A Closer Look at the Paint Mechanism
Trail: Creating a GUI With JFC/Swing
Lesson: Performing Custom Painting

A Closer Look at the Paint Mechanism

By now you know that the paintComponent method is where all of your painting code should be placed. It is true that this method will be invoked when it is time to paint, but painting actually begins higher up the class heirarchy, with the paint method (defined by java.awt.Component.) This method will be executed by the painting subsystem whenever you component needs to be rendered. Its signature is:

javax.swing.JComponent extends this class and further factors the paint method into three separate methods, which are invoked in the following order:

The API does nothing to prevent your code from overriding paintBorder and paintChildren, but generally speaking, there is no reason for you to do so. For all practical purposes paintComponent will be the only method that you will ever need to override.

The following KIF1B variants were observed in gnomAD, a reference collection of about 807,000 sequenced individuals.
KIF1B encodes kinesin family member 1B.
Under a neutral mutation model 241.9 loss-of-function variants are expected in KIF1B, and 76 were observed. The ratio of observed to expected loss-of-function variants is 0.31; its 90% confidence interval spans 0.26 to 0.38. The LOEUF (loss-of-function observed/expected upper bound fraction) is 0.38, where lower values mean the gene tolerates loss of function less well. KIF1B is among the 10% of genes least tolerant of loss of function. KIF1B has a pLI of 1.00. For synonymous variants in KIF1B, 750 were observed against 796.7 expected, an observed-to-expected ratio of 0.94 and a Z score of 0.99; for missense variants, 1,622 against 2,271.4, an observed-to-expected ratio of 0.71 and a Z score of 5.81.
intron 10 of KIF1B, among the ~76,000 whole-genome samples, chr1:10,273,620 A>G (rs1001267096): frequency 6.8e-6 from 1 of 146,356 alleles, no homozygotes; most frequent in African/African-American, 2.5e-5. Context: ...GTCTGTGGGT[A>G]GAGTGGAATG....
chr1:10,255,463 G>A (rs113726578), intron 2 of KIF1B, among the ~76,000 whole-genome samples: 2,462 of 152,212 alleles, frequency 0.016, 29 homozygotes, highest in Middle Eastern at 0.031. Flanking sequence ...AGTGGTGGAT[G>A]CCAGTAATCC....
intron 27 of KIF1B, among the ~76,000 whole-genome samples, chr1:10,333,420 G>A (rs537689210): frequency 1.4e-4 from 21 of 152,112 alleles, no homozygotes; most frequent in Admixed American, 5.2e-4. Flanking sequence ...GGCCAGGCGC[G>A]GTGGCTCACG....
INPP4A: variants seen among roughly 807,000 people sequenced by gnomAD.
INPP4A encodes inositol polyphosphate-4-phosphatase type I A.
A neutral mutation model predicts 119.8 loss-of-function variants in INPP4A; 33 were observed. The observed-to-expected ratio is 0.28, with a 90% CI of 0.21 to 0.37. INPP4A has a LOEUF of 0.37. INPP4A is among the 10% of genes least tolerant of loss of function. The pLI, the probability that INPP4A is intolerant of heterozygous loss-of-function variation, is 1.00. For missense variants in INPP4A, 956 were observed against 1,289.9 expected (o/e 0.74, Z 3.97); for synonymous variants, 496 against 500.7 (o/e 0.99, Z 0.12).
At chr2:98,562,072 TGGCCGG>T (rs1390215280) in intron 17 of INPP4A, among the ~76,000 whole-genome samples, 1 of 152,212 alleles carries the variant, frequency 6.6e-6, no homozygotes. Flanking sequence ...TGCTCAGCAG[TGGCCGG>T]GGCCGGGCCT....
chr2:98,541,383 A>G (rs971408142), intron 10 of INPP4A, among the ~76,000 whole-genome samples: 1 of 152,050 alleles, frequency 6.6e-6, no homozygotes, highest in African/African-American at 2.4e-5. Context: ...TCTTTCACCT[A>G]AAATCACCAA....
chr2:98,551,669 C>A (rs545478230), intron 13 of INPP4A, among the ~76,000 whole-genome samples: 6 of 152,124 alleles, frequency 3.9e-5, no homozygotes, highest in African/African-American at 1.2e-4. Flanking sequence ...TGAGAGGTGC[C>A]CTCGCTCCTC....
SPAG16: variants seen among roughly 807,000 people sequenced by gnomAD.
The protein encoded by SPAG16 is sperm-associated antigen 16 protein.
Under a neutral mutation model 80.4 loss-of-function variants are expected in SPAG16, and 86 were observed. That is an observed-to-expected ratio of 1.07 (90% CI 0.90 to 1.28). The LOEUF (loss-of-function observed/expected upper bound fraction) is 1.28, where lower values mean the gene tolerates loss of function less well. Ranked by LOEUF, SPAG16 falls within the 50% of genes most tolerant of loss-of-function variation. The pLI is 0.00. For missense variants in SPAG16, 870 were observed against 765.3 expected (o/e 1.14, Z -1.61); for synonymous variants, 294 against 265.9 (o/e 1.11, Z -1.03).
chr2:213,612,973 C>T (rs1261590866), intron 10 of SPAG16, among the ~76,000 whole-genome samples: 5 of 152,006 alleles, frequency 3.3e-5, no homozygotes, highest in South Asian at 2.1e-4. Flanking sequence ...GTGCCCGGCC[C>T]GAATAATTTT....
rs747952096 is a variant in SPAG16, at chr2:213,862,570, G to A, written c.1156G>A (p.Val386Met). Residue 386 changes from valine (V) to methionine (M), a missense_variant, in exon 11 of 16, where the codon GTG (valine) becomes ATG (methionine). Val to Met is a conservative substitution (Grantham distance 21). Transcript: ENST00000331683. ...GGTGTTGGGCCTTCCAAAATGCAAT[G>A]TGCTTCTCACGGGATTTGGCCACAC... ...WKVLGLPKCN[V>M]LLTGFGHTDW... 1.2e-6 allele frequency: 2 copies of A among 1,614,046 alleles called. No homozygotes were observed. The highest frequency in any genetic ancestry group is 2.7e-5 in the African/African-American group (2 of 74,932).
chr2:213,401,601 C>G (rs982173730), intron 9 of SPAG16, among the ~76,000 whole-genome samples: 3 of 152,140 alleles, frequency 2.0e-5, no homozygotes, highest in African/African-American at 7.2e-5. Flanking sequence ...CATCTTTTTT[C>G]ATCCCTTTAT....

As previously mentioned, most of the standard Swing components have their look and feel implemented by separate UI Delegates. This means that most (or all) of the painting for the standard Swing components proceeds as follows.

  1. paint() invokes paintComponent().
  2. If the ui property is non-null, paintComponent() invokes ui.update().
  3. If the component's opaque property is true, ui.update() fills the component's background with the background color and invokes ui.paint().
  4. ui.paint() renders the content of the component.

This is why our SwingPaintDemo code invokes super.paintComponent(g). We could add an additional comment to make this more clear:

public void paintComponent(Graphics g) {
    // Let UI Delegate paint first, which 
    // includes background filling since 
    // this component is opaque.

    g.drawString("This is my custom Panel!",10,20);

If you have understood all of the demo code provided in this lesson, congratulations! You have enough practical knowledge to write efficient painting code in your own applications. If however you want a closer look "under the hood", please refer to the SDN article linked to from the first page of this lesson.

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